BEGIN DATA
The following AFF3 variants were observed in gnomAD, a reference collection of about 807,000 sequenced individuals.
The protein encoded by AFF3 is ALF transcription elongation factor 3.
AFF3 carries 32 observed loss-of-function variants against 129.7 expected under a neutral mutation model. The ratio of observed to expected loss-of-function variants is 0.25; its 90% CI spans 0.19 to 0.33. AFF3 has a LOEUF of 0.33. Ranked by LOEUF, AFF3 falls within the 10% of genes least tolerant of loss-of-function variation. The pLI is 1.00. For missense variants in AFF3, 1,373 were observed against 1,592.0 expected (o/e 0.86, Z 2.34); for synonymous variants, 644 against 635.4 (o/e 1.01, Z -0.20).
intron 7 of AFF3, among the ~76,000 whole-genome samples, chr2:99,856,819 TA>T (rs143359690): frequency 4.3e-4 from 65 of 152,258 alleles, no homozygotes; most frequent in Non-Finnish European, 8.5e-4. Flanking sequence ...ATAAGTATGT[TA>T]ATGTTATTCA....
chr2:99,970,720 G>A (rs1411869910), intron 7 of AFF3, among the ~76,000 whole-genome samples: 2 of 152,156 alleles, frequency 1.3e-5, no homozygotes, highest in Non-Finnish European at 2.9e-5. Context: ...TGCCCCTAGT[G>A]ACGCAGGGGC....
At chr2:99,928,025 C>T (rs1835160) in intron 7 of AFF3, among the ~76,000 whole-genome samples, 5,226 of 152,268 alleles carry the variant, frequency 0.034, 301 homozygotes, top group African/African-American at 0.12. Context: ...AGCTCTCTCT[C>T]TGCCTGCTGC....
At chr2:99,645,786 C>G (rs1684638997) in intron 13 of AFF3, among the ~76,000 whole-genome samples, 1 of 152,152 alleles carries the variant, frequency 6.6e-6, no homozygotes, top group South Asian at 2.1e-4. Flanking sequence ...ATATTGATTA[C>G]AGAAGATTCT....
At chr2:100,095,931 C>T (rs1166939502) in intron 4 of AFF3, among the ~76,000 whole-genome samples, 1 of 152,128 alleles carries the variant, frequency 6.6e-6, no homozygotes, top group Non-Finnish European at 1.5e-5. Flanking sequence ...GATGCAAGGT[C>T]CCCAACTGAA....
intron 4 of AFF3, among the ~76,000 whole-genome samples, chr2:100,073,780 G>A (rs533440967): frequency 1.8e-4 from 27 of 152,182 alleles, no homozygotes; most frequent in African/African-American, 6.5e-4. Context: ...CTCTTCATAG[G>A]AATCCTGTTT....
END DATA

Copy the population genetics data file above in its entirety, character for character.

The following AFF3 variants were observed in gnomAD, a reference collection of about 807,000 sequenced individuals.
The protein encoded by AFF3 is ALF transcription elongation factor 3.
AFF3 carries 32 observed loss-of-function variants against 129.7 expected under a neutral mutation model. The ratio of observed to expected loss-of-function variants is 0.25; its 90% CI spans 0.19 to 0.33. AFF3 has a LOEUF of 0.33. Ranked by LOEUF, AFF3 falls within the 10% of genes least tolerant of loss-of-function variation. The pLI is 1.00. For missense variants in AFF3, 1,373 were observed against 1,592.0 expected (o/e 0.86, Z 2.34); for synonymous variants, 644 against 635.4 (o/e 1.01, Z -0.20).
intron 7 of AFF3, among the ~76,000 whole-genome samples, chr2:99,856,819 TA>T (rs143359690): frequency 4.3e-4 from 65 of 152,258 alleles, no homozygotes; most frequent in Non-Finnish European, 8.5e-4. Flanking sequence ...ATAAGTATGT[TA>T]ATGTTATTCA....
chr2:99,970,720 G>A (rs1411869910), intron 7 of AFF3, among the ~76,000 whole-genome samples: 2 of 152,156 alleles, frequency 1.3e-5, no homozygotes, highest in Non-Finnish European at 2.9e-5. Context: ...TGCCCCTAGT[G>A]ACGCAGGGGC....
At chr2:99,928,025 C>T (rs1835160) in intron 7 of AFF3, among the ~76,000 whole-genome samples, 5,226 of 152,268 alleles carry the variant, frequency 0.034, 301 homozygotes, top group African/African-American at 0.12. Context: ...AGCTCTCTCT[C>T]TGCCTGCTGC....
At chr2:99,645,786 C>G (rs1684638997) in intron 13 of AFF3, among the ~76,000 whole-genome samples, 1 of 152,152 alleles carries the variant, frequency 6.6e-6, no homozygotes, top group South Asian at 2.1e-4. Flanking sequence ...ATATTGATTA[C>G]AGAAGATTCT....
At chr2:100,095,931 C>T (rs1166939502) in intron 4 of AFF3, among the ~76,000 whole-genome samples, 1 of 152,128 alleles carries the variant, frequency 6.6e-6, no homozygotes, top group Non-Finnish European at 1.5e-5. Flanking sequence ...GATGCAAGGT[C>T]CCCAACTGAA....
intron 4 of AFF3, among the ~76,000 whole-genome samples, chr2:100,073,780 G>A (rs533440967): frequency 1.8e-4 from 27 of 152,182 alleles, no homozygotes; most frequent in African/African-American, 6.5e-4. Context: ...CTCTTCATAG[G>A]AATCCTGTTT....